Video by Camilla Whittington
What do pregnant women and male seahorses have in common?
Quite a lot, a University of Sydney study has found.
While the aquatic creatures don’t know the woes of squeezing a baby bump on to a packed bus or foregoing wine for nine months, research by the School of Biological Sciences shows they nurture embryos to the same extent as female mammals.
When mating, female seahorses put their eggs in a male seahorse’s pouch, where they are fertilised and grow into baby seahorses.
Co-author Dr Camilla Whittington said the research, published in Molecular Biology and Evolution today, showed this pouch was more than just a flap of skin.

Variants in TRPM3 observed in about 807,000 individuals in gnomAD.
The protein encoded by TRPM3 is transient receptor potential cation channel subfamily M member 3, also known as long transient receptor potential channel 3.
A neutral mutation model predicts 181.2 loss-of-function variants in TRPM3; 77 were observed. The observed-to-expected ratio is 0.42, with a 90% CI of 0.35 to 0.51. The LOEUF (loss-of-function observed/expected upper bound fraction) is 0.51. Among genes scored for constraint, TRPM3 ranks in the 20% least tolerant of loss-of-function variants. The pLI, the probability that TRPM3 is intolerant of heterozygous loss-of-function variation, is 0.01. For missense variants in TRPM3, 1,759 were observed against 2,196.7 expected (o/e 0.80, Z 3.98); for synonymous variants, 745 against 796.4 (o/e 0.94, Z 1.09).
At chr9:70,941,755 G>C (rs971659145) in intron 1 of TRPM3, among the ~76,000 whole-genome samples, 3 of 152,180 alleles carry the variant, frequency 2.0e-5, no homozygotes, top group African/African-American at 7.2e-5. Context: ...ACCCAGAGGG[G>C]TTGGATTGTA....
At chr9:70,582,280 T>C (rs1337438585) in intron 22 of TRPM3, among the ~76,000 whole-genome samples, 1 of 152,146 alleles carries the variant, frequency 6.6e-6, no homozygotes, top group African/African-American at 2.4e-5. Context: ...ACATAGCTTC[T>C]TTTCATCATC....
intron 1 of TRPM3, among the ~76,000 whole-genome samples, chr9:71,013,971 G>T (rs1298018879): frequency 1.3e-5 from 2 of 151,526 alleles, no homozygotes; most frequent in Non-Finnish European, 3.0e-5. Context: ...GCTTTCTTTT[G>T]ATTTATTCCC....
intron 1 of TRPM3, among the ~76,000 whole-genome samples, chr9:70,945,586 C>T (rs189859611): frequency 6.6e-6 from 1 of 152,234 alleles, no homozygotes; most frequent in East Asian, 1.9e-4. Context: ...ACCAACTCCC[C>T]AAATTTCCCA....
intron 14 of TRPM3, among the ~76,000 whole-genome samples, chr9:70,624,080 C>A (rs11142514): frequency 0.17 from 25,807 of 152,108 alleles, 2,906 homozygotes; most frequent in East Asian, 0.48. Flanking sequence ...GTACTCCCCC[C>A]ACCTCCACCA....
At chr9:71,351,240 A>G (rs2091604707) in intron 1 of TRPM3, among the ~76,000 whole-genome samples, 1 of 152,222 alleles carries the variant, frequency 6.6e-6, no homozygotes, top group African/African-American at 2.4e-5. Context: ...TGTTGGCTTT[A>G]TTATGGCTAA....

“Surprisingly, seahorse dads do a lot of the same things human mums do,” Whittington said in a statement.
“Seahorse babies get a lot of nutrients via the egg yolk provided by their mothers but the pouch of the fathers has also evolved to meet the complex challenges of providing additional nutrients and immunological protection, and ensuring gas exchange and waste removal."
Whittington said she and colleagues took samples from brood pouches to complete the first RNA sequencing study across the full course of pregnancy in any animal.
A newborn Australian pot-bellied seahorse emerges from its father's pouch. RUDIE KUITER / AQUATIC PHOTOGRAPHICS
“Regardless of your species, pregnancy presents a number of complex challenges, like ensuring you can provide oxygen and nutrients to your embryos.
“We have evolved independently to meet these challenges, but our research suggests that even distantly related animals use similar genes to manage pregnancy and produce healthy offspring.”